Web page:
This past week most of New Zealand was on holiday, celebrating Easter and commemorating Anzac day with a few well-earned days off. With the weather report looking decent, a couple of friends and I decided to find an easy overnight tramp to kickstart our holiday.
We picked Nina Hut because it was only a two and a half hour drive from Christchurch and was billed as being pretty low-key, suitable for families and new trampers. Leaving on Good Friday was risky, so we were sure we’d be sharing the 10-bed hut with other folks but figured, with an early enough start we could at least snag a few of those coveted first come, first served spots. Worst case, if the hut was full we’d just travel back to the car and skip the overnight.
My friend Claire picked me up at 6:45am and after a quick stop in Belfast to grab our other friend, Sophie, we were on our way to the Nina Valley Track in Lake Sumner Forest Park.
We parked our car in the lot, crossed the first metal bridge, and signed our names in the log book to let other adventurers know that three beds were already claimed. From what we saw, we’d be heading up to an empty hut.
Let me just preface this by saying that my fitness level is around average. I go to yoga twice a week, I’ve played recreational sports on and off over the last few years, and I’m generally a fan of camping and the great outdoors. So yeah, average…just not “Kiwi average.”
This tiny country at the bottom of the world has miraculously produced an entire nation of fit, outdoorsy people. The Department of Conservation (DOC) publishes suggested route times on their website doc.govt.nz and I’ve come to the conclusion that whoever comes up with these times spends a minimum of 8 hours a day hiking and survives on trail mix, or scroggin as its called here.
Since moving to New Zealand, I’d yet to complete a hike in the allotted time and this walk was no exception. A beautiful track that crossed several bubbling streams and had us passing through stunning valleys painted with tall golden grass, this mostly mild expedition still took us 4 hours, rather than the 3 hours posted on the DOC website.
On our walk, we were able to refill our water bottles from a swiftly flowing stream and were occasionally joined by curious robins eager to feast on any of the bugs we kicked up as we walked along the path. The further in we got, the narrower the track became, and I spent a good chunk of energy avoiding tree roots and trying to keep my boots dry as we walked through muddy sections of the track.
Thankfully, we were in no real hurry, since we knew that there still 10 free beds at the hut.
We made it to Nina Hut and quickly grabbed three sleeping mats for ourselves, found seats outside in the grass, and relaxed, soaking in the glorious sun while reading books and enjoying the breeze.
Our peace was short lived when a group of 9 arrived, also tent-less and having clearly disregarded the fact that 9 + 3 = 12, 2 humans over the 10 bed capacity of the hut. We were even less reassured of a relaxing night when these 4 adults and 5 children immediately starting taking over the hut with their packs and displaying a clear lack of basic hut etiquette.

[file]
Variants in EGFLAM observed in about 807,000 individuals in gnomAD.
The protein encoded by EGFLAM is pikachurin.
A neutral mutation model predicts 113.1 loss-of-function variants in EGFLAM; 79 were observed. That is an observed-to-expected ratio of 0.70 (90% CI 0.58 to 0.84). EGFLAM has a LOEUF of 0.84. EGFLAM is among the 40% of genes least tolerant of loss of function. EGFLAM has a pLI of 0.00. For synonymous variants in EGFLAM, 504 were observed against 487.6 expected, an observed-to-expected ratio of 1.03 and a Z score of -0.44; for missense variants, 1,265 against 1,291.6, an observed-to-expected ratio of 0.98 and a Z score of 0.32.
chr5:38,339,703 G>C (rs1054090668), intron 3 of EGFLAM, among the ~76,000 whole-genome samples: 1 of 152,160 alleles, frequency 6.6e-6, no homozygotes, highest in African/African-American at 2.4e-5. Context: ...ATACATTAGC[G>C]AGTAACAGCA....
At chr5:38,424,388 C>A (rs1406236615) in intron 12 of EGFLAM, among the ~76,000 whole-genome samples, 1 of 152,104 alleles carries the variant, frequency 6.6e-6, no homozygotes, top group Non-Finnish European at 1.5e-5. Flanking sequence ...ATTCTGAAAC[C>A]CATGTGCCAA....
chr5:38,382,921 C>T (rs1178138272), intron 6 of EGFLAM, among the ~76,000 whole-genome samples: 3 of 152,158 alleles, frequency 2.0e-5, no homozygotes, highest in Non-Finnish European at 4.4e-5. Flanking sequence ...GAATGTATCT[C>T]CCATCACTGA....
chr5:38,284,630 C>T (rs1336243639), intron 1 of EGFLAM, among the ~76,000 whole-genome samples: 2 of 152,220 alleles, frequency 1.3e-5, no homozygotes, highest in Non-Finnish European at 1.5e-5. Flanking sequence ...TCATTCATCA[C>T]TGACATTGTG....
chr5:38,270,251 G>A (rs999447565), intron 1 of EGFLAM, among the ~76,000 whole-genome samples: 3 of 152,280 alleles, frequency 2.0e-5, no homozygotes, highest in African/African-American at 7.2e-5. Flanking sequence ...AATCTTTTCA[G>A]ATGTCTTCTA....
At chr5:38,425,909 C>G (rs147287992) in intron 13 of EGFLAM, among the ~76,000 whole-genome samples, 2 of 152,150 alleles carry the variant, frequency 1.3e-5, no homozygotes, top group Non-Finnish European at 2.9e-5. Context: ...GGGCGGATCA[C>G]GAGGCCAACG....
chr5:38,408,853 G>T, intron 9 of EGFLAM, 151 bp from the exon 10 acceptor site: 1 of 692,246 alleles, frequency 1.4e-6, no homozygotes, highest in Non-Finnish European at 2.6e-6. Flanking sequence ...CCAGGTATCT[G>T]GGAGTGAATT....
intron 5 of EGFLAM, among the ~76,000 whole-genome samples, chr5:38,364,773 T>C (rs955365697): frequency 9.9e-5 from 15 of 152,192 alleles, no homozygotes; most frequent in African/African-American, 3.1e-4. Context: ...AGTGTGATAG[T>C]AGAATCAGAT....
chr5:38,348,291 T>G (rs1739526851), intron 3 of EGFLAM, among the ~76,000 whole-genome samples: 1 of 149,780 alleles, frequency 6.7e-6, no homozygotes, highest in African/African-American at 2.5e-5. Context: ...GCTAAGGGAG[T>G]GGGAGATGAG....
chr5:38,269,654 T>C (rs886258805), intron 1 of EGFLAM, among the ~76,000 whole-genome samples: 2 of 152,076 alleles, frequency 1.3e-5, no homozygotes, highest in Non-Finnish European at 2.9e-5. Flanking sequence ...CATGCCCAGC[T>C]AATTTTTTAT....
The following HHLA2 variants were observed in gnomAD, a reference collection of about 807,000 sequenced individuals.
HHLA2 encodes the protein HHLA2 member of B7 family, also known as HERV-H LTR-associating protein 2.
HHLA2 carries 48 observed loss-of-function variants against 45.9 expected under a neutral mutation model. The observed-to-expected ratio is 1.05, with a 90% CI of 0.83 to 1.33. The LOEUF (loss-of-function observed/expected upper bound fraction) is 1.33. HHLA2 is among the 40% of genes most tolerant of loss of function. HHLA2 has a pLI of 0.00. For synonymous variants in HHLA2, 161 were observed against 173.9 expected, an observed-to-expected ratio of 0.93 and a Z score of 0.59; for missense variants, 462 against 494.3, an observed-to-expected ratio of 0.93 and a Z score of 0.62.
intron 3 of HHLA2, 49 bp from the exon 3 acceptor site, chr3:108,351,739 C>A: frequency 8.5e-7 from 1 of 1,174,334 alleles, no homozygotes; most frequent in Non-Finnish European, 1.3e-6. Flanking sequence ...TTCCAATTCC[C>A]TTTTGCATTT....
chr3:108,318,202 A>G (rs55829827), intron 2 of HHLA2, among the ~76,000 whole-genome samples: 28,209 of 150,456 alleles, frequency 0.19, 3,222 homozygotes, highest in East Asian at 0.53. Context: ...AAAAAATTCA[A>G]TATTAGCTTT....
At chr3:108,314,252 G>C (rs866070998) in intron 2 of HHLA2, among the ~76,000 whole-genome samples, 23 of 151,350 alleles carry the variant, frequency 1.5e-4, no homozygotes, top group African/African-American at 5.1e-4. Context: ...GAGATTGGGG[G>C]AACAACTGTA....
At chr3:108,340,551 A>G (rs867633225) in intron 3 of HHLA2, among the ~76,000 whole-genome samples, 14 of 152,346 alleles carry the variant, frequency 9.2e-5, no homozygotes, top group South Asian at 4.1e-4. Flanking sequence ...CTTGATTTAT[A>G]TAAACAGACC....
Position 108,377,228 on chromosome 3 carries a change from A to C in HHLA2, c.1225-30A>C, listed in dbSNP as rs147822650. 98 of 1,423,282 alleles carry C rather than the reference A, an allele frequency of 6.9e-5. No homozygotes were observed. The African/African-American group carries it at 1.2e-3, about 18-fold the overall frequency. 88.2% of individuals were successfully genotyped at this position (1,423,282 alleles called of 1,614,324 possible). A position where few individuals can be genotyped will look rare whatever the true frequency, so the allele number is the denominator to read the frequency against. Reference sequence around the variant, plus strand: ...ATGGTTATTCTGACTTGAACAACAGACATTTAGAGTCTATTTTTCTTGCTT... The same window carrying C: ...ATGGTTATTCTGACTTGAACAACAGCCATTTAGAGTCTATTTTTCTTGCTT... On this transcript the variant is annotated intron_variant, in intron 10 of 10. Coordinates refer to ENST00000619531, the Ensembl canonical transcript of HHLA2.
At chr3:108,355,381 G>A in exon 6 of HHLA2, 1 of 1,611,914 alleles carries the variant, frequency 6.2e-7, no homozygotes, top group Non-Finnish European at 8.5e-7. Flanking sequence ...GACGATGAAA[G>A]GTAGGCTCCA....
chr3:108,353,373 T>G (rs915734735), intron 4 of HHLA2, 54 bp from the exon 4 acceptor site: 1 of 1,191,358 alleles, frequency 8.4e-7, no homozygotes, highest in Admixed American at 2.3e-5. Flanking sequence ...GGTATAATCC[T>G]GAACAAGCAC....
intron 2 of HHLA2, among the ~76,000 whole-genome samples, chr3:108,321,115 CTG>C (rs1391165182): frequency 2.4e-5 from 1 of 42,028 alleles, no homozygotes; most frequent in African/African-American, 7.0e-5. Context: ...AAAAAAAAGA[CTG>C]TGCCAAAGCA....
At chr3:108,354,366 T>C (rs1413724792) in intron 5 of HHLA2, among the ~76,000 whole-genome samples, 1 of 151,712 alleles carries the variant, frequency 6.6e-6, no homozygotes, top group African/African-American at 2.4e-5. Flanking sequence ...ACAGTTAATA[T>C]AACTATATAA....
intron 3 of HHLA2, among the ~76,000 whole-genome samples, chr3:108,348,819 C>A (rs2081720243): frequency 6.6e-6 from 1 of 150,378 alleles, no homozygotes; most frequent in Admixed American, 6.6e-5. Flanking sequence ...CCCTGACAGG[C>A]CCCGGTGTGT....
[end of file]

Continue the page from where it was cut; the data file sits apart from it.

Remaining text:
Thankfully, I’d packed a flask and knew that whiskey would help take the edge off.
More groups began to arrive, but smartly they’d all brought tents and easily settled into their own sites around the periphery of the hut.
As the sun began to set, we cooked up the most delicious veggie noodles. Thanks to Sophie’s clever foresight to pre-cut the veggies, our dinner was ready in no time.
Sitting around the table and just enjoying each other’s company, it was very surprising when our roommates for the night decided that 8:00pm was bedtime. We soon found ourselves in a silent room with lights off and nowhere to go. It was the earliest I’ve gone to bed in as long as I can remember.
Sadly, sleep was not easy to come by, loud snores almost immediately started emanating from a nearby mat.
It was going to be a long night.
After finally managing to fall asleep, I was woken up around 3:00am to the sound of creaking and metal scraping metal. For some reason, on this unseasonably warm night, someone had decided to start a fire. The well-insulated hut quickly became a sauna and I was grateful for the screened window by our heads, which, when opened, let in welcome cool air.
By 7:00am, after 11 hours of broken sleep, I was strangely both tired and groggy from the feeling that I’d overslept. With rain in the forecast, we decided to pack up our things and high-tail it back down the valley, best to avoid getting stuck by any streams getting too high (and kids shouting at 8 in the morning).
The walk back was as stunning as it had been on the way in. It reminded me that though my first hut experience was less than ideal, it was still worth it to enjoy New Zealand’s picturesque landscapes.
I’m sure I’ll be back on a trail soon, but next time I’ll make sure to bring my own tent.
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